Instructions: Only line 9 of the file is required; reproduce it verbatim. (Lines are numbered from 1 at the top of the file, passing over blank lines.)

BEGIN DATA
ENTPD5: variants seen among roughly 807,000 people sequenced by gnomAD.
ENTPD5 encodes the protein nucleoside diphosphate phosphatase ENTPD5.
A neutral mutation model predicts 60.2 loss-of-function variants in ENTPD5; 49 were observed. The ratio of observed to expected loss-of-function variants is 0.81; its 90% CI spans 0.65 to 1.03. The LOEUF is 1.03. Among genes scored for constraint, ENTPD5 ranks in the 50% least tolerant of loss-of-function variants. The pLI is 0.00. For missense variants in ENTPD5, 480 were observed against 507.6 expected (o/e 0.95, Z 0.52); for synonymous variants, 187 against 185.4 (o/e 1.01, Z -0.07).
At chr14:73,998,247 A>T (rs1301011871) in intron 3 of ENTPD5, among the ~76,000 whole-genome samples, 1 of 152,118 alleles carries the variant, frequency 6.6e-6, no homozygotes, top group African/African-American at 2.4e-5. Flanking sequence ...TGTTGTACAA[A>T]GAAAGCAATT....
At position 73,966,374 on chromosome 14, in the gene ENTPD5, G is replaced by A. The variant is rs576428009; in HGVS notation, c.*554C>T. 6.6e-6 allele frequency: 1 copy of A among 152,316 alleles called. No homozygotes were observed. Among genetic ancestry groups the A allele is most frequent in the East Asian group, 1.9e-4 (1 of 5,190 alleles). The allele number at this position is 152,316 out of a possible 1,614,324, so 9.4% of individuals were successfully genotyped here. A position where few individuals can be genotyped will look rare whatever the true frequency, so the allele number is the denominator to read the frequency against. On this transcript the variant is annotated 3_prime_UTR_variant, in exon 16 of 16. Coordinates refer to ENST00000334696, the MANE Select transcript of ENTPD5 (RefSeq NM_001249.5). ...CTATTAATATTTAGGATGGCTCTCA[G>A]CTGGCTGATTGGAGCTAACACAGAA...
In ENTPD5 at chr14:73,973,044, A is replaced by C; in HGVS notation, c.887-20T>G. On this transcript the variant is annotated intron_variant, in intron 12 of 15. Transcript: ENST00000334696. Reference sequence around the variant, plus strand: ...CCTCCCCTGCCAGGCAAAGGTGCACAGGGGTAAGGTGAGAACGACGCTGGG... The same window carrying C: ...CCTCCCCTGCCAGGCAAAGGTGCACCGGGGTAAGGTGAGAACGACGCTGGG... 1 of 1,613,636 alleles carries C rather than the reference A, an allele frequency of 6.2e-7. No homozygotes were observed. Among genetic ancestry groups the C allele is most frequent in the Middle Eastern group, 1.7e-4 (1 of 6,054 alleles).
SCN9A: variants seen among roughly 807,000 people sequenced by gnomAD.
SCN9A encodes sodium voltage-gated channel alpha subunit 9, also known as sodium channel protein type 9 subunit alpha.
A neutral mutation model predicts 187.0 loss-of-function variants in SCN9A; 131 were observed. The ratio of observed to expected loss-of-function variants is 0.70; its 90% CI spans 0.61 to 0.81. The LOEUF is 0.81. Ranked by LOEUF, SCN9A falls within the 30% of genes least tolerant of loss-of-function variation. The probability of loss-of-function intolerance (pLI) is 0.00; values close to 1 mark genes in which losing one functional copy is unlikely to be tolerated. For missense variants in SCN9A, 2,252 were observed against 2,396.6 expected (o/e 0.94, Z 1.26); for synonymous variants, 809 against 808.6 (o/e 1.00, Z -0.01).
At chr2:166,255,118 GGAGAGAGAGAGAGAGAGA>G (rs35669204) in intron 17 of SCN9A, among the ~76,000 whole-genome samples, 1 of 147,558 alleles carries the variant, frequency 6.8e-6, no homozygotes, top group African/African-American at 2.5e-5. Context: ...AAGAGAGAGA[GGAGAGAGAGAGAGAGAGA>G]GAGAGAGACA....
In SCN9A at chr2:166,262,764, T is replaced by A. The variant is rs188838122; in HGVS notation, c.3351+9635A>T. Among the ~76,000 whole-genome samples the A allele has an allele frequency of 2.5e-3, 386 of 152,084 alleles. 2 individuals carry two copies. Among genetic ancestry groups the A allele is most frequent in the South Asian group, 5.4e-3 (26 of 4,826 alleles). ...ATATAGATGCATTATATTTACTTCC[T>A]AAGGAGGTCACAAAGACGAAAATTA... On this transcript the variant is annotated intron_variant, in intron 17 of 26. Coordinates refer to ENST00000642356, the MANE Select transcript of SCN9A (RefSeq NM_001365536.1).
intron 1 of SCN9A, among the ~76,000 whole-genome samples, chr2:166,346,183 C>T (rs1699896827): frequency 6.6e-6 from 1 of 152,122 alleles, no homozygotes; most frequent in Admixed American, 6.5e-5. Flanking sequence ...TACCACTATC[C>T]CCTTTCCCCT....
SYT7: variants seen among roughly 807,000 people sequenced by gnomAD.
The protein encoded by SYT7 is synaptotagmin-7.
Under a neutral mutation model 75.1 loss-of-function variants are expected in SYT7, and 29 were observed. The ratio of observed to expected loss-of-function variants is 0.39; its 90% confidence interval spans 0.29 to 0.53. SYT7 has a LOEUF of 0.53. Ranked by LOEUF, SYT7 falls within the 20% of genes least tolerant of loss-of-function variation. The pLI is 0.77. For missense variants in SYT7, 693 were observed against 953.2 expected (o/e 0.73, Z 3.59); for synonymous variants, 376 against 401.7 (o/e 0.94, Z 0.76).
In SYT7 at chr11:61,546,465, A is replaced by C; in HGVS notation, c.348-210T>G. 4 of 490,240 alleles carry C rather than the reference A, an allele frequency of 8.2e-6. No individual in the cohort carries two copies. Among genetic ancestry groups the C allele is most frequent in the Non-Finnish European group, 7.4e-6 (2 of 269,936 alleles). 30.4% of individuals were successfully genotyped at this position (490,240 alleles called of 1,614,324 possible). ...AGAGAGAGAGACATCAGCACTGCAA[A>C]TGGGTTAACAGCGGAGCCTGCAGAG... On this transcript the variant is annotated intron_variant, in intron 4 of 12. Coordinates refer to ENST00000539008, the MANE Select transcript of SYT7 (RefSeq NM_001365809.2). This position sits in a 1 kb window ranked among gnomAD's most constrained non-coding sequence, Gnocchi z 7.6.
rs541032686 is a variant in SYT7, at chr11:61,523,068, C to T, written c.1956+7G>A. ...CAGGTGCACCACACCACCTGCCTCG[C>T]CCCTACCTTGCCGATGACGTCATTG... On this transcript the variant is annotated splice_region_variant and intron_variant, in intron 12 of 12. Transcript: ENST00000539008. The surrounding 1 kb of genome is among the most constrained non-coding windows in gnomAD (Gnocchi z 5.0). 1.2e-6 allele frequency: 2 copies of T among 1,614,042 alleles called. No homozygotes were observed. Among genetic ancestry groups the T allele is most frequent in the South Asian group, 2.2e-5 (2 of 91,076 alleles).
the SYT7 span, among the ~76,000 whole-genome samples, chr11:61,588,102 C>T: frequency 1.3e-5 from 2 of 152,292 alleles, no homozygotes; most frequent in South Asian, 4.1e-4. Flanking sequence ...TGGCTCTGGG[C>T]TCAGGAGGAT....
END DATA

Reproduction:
A neutral mutation model predicts 187.0 loss-of-function variants in SCN9A; 131 were observed. The ratio of observed to expected loss-of-function variants is 0.70; its 90% CI spans 0.61 to 0.81. The LOEUF is 0.81. Ranked by LOEUF, SCN9A falls within the 30% of genes least tolerant of loss-of-function variation. The probability of loss-of-function intolerance (pLI) is 0.00; values close to 1 mark genes in which losing one functional copy is unlikely to be tolerated. For missense variants in SCN9A, 2,252 were observed against 2,396.6 expected (o/e 0.94, Z 1.26); for synonymous variants, 809 against 808.6 (o/e 1.00, Z -0.01).